I like many people can be found on a myriad of social networks. We all use these networks for different things: to give, receive, share. I virtually live on Twitter. I remember when I started living on Facebook. It was the place to “find me” if you needed me – (Mom). Yes, when I moved to another country with a twelve hour time difference, I found it difficult to keep in touch with good friends and family via “email” – as if it were some ancient form of inconvenient communication or the phone. Facebook was great. One status to my 800 and something friends and BAM!, everyone knew everything. (I am still a Facebook purist by the way – I actually know them all.) I have friends who joined Facebook specifically to keep in touch with me. I put my parents on it. Convenient. All my contact details, my travel schedule, where to find me. Or so I thought.
Well, these days, I am on Twitter. Facebook too, but if you need me and you need me now, Twitter is the way to go. People that know me well know to DM (direct message) me if they want my attention. I felt that way until I was in California on a business trip recently. I had my Hong Kong phone off and only gave my US number to my parents and the people I needed to speak to in the US. I woke up to someone knocking on my door at the crack of dawn, as it turns out not looking for me. Frustrated I was woken I opened my laptop, loaded Tweetdeck and in the DM column among a bunch of Spam and Auto welcome DMs was:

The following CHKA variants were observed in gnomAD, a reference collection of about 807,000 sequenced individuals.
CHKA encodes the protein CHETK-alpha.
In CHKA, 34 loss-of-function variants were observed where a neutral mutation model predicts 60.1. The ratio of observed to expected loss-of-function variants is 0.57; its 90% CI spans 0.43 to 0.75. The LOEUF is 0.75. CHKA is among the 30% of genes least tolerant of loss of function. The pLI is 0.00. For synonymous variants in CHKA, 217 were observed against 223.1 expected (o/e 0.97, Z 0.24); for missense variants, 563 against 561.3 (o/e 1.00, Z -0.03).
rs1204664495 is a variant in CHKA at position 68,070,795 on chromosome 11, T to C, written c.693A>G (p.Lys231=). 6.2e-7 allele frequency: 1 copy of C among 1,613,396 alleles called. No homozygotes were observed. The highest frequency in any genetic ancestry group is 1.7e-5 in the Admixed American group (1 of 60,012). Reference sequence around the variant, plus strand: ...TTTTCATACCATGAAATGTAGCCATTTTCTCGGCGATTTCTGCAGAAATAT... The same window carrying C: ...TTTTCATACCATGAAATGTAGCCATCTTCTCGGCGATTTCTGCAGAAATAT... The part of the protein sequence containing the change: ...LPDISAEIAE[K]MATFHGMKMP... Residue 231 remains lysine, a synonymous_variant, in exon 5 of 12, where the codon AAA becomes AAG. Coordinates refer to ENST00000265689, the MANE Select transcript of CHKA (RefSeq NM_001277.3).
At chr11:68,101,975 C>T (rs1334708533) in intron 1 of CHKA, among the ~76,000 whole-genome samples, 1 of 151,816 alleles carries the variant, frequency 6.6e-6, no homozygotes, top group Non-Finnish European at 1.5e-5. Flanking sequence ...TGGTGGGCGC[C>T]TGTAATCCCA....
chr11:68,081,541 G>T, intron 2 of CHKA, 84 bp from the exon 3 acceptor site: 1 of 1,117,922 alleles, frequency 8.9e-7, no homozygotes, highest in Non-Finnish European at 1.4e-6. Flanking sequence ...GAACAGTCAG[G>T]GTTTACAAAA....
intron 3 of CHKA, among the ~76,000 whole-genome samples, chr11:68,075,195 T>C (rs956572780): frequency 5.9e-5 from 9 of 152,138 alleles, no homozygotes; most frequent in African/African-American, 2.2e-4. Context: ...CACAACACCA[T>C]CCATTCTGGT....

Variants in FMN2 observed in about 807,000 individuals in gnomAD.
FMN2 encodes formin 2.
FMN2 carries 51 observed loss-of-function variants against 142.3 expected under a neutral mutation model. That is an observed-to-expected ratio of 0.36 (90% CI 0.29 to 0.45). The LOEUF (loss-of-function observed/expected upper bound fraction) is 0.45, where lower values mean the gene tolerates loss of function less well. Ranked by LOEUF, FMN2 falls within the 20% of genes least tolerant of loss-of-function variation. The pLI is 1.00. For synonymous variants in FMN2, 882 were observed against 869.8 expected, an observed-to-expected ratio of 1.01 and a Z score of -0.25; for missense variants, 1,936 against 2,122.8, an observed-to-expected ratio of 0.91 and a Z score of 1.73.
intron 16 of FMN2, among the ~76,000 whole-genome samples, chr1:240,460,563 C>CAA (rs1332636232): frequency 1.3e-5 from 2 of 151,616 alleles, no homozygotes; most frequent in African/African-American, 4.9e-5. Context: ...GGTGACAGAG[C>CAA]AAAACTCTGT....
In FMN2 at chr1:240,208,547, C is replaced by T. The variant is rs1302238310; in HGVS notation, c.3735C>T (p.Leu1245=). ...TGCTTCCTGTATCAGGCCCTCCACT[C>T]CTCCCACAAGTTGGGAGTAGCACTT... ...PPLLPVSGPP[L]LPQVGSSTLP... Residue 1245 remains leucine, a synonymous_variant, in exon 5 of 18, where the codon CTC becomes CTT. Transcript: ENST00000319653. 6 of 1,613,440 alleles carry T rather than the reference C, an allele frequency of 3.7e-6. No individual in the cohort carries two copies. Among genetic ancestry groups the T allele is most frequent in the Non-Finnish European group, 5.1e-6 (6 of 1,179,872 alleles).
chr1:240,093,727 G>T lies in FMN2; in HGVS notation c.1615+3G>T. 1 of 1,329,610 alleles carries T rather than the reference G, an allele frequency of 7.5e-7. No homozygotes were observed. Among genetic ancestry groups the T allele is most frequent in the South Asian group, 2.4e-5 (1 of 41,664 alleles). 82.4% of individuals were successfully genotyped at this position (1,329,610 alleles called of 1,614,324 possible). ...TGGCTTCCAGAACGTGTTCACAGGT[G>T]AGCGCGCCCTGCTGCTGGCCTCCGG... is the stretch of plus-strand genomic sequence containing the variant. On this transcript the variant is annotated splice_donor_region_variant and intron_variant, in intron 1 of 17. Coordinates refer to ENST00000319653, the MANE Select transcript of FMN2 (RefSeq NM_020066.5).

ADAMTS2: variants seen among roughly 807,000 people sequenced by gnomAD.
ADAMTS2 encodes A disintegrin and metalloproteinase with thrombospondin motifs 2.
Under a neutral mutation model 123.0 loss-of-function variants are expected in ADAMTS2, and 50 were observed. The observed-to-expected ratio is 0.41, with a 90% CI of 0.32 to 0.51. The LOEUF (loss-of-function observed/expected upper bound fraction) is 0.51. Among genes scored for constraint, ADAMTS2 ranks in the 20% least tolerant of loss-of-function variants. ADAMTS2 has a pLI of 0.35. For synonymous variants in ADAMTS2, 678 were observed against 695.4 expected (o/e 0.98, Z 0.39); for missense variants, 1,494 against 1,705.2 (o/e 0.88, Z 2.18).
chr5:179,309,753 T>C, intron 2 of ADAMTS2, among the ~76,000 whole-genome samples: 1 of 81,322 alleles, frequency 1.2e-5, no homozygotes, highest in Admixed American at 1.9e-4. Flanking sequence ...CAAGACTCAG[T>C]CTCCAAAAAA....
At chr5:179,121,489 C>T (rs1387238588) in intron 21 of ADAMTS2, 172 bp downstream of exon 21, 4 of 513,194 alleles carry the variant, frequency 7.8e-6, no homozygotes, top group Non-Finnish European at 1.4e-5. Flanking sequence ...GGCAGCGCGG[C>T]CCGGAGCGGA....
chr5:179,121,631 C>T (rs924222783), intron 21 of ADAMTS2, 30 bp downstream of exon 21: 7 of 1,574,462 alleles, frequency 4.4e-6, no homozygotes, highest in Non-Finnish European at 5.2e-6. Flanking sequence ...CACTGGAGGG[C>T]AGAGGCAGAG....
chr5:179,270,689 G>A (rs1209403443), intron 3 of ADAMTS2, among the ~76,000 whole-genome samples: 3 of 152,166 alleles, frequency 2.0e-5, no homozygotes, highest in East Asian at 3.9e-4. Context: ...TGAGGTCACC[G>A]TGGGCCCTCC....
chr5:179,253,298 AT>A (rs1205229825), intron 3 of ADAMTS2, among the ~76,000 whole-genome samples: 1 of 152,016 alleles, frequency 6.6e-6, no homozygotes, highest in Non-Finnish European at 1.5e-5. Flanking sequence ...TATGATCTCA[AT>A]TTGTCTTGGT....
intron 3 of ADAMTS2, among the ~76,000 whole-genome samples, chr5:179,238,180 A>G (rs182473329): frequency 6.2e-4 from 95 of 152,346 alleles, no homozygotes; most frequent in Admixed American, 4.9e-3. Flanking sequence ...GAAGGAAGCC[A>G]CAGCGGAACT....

“The Memorial Service for Steve is Sunday at 1”.
I’ll pause while you take that in.
What? Memorial Service? What do you mean “Memorial Service”???? This was the first I was hearing that my dear friend had even passed away. I had to deduce it from those brief words. No one knew how to get a hold of me, and the person who sent the tweet assumed I knew. Through a Tweet. I found out my friend died through a Tweet. The more insane thing is to confirm he had in fact passed away I had to go to his Facebook page. I had no one’s phone number to call to find out what had happened until a mutual friend messaged her phone number. There were already messages of condolence posted on his page. I sat there alone in my hotel room and cried at my computer screen. No social network could possibly replace the voice or hug of a friend that I wish I had at that moment.
This experience isn’t going to make me change the way I communicate, but perhaps reflect how I want to be communicated with. It is just one of those situations that makes you take a step back and ask, “I know I’m approachable, but am I accessible to the people in my life that matter?”